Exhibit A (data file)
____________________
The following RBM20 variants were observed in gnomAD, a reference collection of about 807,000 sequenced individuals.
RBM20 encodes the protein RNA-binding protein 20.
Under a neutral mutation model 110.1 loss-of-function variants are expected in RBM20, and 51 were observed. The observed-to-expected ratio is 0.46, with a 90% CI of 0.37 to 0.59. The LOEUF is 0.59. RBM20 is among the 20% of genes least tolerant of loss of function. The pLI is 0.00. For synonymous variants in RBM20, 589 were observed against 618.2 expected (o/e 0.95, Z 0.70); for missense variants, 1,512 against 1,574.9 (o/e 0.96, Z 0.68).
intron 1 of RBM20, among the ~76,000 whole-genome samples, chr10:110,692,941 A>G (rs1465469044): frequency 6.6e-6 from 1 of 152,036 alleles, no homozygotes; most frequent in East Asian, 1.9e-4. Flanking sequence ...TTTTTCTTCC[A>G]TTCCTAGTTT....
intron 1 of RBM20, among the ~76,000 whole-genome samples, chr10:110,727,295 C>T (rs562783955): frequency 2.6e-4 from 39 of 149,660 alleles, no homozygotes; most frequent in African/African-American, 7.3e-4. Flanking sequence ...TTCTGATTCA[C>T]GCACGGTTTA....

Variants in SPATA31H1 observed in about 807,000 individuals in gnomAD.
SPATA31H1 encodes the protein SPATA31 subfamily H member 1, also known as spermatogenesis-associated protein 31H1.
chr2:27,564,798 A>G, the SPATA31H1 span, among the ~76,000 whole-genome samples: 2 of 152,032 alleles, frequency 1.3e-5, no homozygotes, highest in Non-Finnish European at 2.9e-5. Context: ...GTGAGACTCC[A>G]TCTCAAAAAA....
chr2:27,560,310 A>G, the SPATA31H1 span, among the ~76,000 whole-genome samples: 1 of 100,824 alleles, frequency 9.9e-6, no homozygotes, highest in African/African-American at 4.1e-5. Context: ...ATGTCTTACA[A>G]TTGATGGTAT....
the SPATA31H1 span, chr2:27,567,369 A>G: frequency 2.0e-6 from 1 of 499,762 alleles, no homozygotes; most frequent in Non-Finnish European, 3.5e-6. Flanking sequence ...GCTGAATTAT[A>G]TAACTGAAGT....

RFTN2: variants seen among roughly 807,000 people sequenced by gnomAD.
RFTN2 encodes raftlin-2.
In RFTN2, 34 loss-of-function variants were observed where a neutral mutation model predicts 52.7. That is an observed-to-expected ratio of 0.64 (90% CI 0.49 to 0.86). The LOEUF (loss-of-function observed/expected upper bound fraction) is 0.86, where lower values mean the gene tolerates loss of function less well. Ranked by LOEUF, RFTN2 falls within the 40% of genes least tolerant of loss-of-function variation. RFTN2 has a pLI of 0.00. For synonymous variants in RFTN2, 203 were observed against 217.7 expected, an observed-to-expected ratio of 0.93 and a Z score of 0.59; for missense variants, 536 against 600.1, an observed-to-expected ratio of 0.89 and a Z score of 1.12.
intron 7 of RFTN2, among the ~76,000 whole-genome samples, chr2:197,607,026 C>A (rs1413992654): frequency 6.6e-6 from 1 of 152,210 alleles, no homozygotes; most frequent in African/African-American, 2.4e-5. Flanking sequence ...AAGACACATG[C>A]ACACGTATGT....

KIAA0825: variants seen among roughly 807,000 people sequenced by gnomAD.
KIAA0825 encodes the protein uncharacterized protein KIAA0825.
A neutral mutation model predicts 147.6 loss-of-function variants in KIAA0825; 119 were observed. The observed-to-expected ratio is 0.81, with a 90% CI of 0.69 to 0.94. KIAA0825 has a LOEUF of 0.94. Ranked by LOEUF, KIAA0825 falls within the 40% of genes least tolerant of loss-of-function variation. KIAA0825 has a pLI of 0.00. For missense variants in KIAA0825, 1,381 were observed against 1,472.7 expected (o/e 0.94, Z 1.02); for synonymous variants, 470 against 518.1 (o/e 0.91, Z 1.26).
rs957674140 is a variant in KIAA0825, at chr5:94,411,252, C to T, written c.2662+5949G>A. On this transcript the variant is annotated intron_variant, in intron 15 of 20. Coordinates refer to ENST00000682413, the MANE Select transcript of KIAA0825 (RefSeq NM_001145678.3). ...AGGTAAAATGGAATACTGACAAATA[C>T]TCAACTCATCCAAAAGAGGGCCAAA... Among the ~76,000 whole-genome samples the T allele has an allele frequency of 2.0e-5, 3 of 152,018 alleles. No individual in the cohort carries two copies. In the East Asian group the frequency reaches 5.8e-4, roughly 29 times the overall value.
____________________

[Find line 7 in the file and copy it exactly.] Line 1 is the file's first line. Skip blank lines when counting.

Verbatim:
SPATA31H1 encodes the protein SPATA31 subfamily H member 1, also known as spermatogenesis-associated protein 31H1.